Across the many signs placed in the room during the Eastside Transportation Plan open house at the Handley Meadowbrook Community Center, residents have placed stickers and notes on items that are very important to them: safety, ease of use for different transportation modes, bringing a grocery store and more walkable retail. 

Those new amenities could soon come to Fort Worth’s eastside as the city works to implement comprehensive projects that tackle land use, transportation and road safety. 

Kelly Porter, assistant director of transportation and public works for the city of Fort Worth, said this is about moving things forward previously explored in past vision plans like Advancing East Lancaster

“It’s taking all those things that came up with some good vision and putting them to a level of detail and taking you through a process that we can then move forward with and actually get designed and constructed,” Porter said. 

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Options currently being explored for the eastside will make the area safe, clean and comfortable, the city said. That means increasing density in some places to encourage residents to work and play in the same area without displacing people. Options include walkable retail and landscape beautification while also looking at ways to circulate residents’ money locally. 

As for safety, that could be manifested as more speed bumps to slow incoming traffic; more stop signs, sidewalks and increased traffic enforcement.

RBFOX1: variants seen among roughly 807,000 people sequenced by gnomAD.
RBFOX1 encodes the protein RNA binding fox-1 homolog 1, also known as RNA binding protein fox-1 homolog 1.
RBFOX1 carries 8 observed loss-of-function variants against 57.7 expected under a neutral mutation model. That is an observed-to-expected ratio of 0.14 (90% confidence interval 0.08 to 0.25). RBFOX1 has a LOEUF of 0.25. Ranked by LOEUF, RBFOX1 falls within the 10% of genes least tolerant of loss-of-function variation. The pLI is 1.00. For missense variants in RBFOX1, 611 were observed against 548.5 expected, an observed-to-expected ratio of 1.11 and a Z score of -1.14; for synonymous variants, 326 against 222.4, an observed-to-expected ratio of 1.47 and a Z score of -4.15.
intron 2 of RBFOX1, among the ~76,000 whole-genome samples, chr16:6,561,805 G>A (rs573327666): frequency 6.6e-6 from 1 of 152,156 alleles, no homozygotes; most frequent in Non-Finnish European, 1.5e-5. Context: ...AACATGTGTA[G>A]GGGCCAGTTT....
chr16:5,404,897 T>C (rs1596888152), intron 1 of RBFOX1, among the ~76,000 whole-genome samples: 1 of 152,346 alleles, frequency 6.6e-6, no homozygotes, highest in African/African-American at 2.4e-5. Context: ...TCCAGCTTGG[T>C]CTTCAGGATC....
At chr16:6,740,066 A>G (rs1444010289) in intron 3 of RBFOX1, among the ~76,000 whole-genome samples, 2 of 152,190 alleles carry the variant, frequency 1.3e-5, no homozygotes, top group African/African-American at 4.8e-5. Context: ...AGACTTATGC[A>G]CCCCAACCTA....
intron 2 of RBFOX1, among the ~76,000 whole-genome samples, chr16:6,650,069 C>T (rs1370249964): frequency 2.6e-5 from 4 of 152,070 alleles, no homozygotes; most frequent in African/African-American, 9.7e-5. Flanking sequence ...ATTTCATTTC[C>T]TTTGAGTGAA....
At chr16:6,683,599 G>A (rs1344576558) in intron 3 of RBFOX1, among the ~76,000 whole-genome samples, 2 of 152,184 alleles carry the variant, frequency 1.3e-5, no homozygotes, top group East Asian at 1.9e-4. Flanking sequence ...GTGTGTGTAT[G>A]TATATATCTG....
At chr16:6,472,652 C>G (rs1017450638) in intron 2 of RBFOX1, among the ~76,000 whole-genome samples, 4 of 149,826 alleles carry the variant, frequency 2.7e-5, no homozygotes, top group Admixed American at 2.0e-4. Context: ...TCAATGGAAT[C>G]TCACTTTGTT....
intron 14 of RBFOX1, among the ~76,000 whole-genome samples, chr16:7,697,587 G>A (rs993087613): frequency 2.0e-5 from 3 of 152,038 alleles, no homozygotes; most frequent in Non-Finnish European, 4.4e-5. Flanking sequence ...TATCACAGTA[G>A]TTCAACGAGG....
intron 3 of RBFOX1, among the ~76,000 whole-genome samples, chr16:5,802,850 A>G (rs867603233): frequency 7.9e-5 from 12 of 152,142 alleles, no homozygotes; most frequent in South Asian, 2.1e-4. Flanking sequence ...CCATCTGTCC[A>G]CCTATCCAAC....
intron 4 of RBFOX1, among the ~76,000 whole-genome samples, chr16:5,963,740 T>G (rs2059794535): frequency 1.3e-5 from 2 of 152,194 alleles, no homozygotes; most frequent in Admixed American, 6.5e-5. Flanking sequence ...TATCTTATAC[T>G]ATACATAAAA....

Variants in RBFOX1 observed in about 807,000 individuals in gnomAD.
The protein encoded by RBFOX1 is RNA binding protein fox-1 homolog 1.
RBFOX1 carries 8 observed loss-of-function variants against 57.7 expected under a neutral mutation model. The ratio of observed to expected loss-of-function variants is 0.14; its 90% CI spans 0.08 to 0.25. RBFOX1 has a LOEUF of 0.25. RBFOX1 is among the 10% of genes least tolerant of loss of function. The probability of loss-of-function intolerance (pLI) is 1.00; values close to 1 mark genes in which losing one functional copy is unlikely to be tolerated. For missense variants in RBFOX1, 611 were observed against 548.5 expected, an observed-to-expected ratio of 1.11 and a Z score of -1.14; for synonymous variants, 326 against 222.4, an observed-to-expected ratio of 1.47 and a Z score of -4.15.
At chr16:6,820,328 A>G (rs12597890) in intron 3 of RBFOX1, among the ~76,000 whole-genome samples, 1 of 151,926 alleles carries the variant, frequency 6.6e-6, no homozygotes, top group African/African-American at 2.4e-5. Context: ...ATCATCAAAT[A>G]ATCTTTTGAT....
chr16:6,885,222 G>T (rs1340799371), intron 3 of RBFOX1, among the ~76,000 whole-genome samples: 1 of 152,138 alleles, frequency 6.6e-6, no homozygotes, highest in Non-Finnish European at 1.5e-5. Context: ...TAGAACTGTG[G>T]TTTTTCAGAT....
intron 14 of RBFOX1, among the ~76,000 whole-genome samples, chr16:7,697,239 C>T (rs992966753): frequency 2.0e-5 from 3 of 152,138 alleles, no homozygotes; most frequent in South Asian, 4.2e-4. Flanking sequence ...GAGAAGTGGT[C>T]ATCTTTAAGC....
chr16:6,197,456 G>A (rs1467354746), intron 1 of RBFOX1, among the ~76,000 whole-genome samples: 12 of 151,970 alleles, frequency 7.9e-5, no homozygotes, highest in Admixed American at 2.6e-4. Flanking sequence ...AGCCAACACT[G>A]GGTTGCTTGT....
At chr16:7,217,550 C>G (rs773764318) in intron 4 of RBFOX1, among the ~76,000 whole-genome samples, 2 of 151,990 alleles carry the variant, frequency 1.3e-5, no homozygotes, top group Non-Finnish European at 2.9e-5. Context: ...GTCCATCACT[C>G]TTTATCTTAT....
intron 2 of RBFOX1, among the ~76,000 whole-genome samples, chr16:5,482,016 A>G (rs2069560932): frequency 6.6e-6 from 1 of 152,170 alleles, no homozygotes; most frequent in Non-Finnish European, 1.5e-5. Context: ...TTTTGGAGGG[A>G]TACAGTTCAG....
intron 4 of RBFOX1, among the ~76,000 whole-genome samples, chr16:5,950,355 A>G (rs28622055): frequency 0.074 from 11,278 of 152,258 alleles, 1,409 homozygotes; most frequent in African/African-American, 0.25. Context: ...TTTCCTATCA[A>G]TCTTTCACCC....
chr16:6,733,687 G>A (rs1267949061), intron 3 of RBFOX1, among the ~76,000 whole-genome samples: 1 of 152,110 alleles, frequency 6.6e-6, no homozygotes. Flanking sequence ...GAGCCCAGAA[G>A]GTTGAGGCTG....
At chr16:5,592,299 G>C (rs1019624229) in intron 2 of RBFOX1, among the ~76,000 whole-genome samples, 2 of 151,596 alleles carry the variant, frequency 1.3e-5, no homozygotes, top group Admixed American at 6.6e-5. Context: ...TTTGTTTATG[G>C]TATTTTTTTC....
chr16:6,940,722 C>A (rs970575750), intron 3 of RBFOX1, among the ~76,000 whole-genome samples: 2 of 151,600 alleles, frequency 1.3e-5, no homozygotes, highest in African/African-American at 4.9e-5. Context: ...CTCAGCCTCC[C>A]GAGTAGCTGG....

“Safety’s a big one. And just general quality of life for themselves,” Porter said. “One thing we’re trying to do is engage the kids because they’re gonna inherit a lot of these things. (We want to) make sure we get in that diversity back – not just the people that show up at meetings.”

Eastside resident Patrick Callahan has lived in the area since 1998. He said he’d like to see more grocery store options so he can access fresh produce. He also mentioned concerns about drag racing along East Lancaster Avenue. 

“We can hear it like it’s a street next door to us,” Callahan said. “It’s not only the nuisances and noise but obviously the safety — some people are in danger.”

Map courtesy of the city of Fort Worth

Goals envisioned for the area have changed since the pandemic, Porter said, which means it’s important that all groups involved in the redevelopment of the area — the city, Trinity Metro, the North Central Texas Council of Governments and the Texas Department of Transportation – need to be on the same page. 

“By doing this altogether, it keeps us on the same page, keeps the development process where the project development process and design process more efficient, and hopefully saves us time and maybe even money on the end,” he said. 

The city is currently collecting feedback from residents about the plan to help determine recommendations. The current survey is open until June 30, 2023. 

“This is where we can come together and figure out what happens. There’ve been a lot of things in the past that have been said about what’s going to happen. This is the process we have to go through to get to the point where we’re trying to figure out what it’s going to be,” Porter said. “This is going to be hopefully us buying into a vision – a shared vision – but it’s going to be data-driven.”

Sandra Sadek is a Report for America corps member, covering growth for the Fort Worth Report. You can contact her at or on Twitter at @ssadek19

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Sandra Sadek is the growth reporter for the Fort Worth Report and a Report for America corps member. She writes about Fort Worth's affordable housing crisis, infrastructure and development. Originally...